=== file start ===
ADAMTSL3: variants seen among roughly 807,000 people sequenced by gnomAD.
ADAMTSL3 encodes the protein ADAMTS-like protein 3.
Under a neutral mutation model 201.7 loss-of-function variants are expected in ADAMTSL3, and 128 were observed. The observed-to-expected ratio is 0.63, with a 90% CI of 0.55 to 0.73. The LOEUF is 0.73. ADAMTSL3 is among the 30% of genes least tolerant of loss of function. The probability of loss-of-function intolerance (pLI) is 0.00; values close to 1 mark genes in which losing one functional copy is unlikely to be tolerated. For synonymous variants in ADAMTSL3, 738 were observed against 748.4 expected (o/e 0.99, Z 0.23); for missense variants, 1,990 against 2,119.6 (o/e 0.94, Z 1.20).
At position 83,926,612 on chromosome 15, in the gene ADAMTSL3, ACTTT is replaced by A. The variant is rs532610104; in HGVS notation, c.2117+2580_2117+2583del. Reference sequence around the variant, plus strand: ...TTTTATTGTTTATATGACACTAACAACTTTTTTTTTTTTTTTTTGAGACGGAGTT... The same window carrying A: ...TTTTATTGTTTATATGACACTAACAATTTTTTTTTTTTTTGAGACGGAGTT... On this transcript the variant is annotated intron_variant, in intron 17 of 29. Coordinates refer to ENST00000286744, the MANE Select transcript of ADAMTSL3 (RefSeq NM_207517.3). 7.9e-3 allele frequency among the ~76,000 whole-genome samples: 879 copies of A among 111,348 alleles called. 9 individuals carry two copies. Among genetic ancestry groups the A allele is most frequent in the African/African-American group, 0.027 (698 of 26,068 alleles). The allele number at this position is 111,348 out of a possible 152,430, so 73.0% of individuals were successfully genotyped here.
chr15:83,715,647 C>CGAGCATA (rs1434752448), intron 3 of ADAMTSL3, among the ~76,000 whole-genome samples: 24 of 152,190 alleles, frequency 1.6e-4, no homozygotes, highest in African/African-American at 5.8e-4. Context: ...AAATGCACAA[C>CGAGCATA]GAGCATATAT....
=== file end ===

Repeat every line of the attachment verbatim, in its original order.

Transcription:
ADAMTSL3: variants seen among roughly 807,000 people sequenced by gnomAD.
ADAMTSL3 encodes the protein ADAMTS-like protein 3.
Under a neutral mutation model 201.7 loss-of-function variants are expected in ADAMTSL3, and 128 were observed. The observed-to-expected ratio is 0.63, with a 90% CI of 0.55 to 0.73. The LOEUF is 0.73. ADAMTSL3 is among the 30% of genes least tolerant of loss of function. The probability of loss-of-function intolerance (pLI) is 0.00; values close to 1 mark genes in which losing one functional copy is unlikely to be tolerated. For synonymous variants in ADAMTSL3, 738 were observed against 748.4 expected (o/e 0.99, Z 0.23); for missense variants, 1,990 against 2,119.6 (o/e 0.94, Z 1.20).
At position 83,926,612 on chromosome 15, in the gene ADAMTSL3, ACTTT is replaced by A. The variant is rs532610104; in HGVS notation, c.2117+2580_2117+2583del. Reference sequence around the variant, plus strand: ...TTTTATTGTTTATATGACACTAACAACTTTTTTTTTTTTTTTTTGAGACGGAGTT... The same window carrying A: ...TTTTATTGTTTATATGACACTAACAATTTTTTTTTTTTTTGAGACGGAGTT... On this transcript the variant is annotated intron_variant, in intron 17 of 29. Coordinates refer to ENST00000286744, the MANE Select transcript of ADAMTSL3 (RefSeq NM_207517.3). 7.9e-3 allele frequency among the ~76,000 whole-genome samples: 879 copies of A among 111,348 alleles called. 9 individuals carry two copies. Among genetic ancestry groups the A allele is most frequent in the African/African-American group, 0.027 (698 of 26,068 alleles). The allele number at this position is 111,348 out of a possible 152,430, so 73.0% of individuals were successfully genotyped here.
chr15:83,715,647 C>CGAGCATA (rs1434752448), intron 3 of ADAMTSL3, among the ~76,000 whole-genome samples: 24 of 152,190 alleles, frequency 1.6e-4, no homozygotes, highest in African/African-American at 5.8e-4. Context: ...AAATGCACAA[C>CGAGCATA]GAGCATATAT....